Blondi: Wikis


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Eva Braun and Adolf Hitler, with Hitler holding Blondi on a leash.

Blondi (1941 or 1942 — 30 April 1945)[1][2] was Adolf Hitler's German Shepherd dog, given to him as a gift in 1941[3][4] by Martin Bormann. Blondi stayed with Hitler even after his move to the underground bunker in January 1945. In March[5][6] or in early April[7][8] (likely 4 April)[9] 1945, she had a litter of five puppies with Gerdy Troost's German Shepherd, Harras. Hitler named one of the puppies "Wolf", his favorite nickname and the meaning of his own first name, Adolf (Noble wolf)[10] and he trained it.[11] One of Blondi's puppies was reserved for Eva Braun's sister Gretl; and Eva sent Gretl a letter containing a photo of Blondi and three of her puppies, Gretl's being indicated with an arrow.[12]

By all accounts, Hitler was very fond of Blondi, keeping her by his side and allowing her to sleep in his bedroom in the bunker, an affection not shared by Eva Braun, Hitler's girlfriend, who preferred her two Scottish Terrier dogs named Negus and Stasi (or Katuschka).[13][14] According to Hitler's secretary (Traudl Junge), Eva hated Blondi and was known to kick her under the dining table.[15]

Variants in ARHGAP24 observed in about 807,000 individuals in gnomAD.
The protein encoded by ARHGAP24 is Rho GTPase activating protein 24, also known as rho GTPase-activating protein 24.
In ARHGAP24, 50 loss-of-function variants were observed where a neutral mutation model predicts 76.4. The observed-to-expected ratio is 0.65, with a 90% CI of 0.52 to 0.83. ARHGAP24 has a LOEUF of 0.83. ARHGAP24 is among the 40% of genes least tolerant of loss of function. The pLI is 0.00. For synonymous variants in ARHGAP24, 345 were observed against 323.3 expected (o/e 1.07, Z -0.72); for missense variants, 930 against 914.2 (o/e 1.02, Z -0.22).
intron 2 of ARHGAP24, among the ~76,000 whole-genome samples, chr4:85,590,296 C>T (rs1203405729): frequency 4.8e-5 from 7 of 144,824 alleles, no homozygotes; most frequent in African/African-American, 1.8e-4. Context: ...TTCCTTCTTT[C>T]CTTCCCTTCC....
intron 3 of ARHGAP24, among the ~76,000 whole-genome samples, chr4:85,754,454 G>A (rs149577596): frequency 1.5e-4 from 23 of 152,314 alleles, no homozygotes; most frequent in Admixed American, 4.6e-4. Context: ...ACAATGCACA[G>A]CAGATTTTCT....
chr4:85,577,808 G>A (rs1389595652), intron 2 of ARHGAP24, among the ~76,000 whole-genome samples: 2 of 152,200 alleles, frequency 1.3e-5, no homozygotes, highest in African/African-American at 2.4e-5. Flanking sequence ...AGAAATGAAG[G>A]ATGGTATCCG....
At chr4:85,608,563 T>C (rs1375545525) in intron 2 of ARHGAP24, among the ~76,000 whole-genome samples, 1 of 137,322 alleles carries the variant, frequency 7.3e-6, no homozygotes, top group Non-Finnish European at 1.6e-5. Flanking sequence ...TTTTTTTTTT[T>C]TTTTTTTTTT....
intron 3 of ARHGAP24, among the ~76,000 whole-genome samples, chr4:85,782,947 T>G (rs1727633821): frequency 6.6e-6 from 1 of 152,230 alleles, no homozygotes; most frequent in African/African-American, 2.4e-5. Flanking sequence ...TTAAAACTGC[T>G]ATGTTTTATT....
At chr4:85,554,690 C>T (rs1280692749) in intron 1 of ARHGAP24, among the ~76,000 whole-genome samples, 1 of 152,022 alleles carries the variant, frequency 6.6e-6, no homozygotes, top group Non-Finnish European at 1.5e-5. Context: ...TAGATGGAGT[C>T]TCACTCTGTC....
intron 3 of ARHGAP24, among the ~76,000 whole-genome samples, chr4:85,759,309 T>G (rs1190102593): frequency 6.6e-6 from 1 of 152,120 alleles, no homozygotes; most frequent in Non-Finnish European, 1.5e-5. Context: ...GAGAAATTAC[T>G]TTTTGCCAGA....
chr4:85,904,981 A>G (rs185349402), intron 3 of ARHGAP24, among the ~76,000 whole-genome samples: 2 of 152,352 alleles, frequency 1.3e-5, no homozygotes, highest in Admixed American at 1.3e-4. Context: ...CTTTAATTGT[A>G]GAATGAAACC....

In May 1942 Hitler bought another German Shepherd dog "from a minor official in the post office in Ingolstadt" in May 1942[16] to keep Blondi company. He called her Bella.[17]

As a soldier in World War I Hitler had great affection for a stray white Bull Terrier named "Fuchsl" and was distraught when he lost it.[18][19] He had been given a German Shepherd before named "Prinz" in 1921, during his years of poverty, but he had been forced to lodge the dog elsewhere. However, it managed to escape and return to him. Hitler, who adored the loyalty and obedience of the dog, thereafter developed a great liking for the breed.[20] He also owned a German Shepherd called "Muckl".[21]

Before Blondi, Hitler had two German Shepherd bitches, mother [born 1926] and daughter [born ca. 1930]- both named Blonda. On some photos made in 1930s Blonda (the daughter) is incorrectly labeled as Blondi[9] (in most cases photos' descriptions were written later).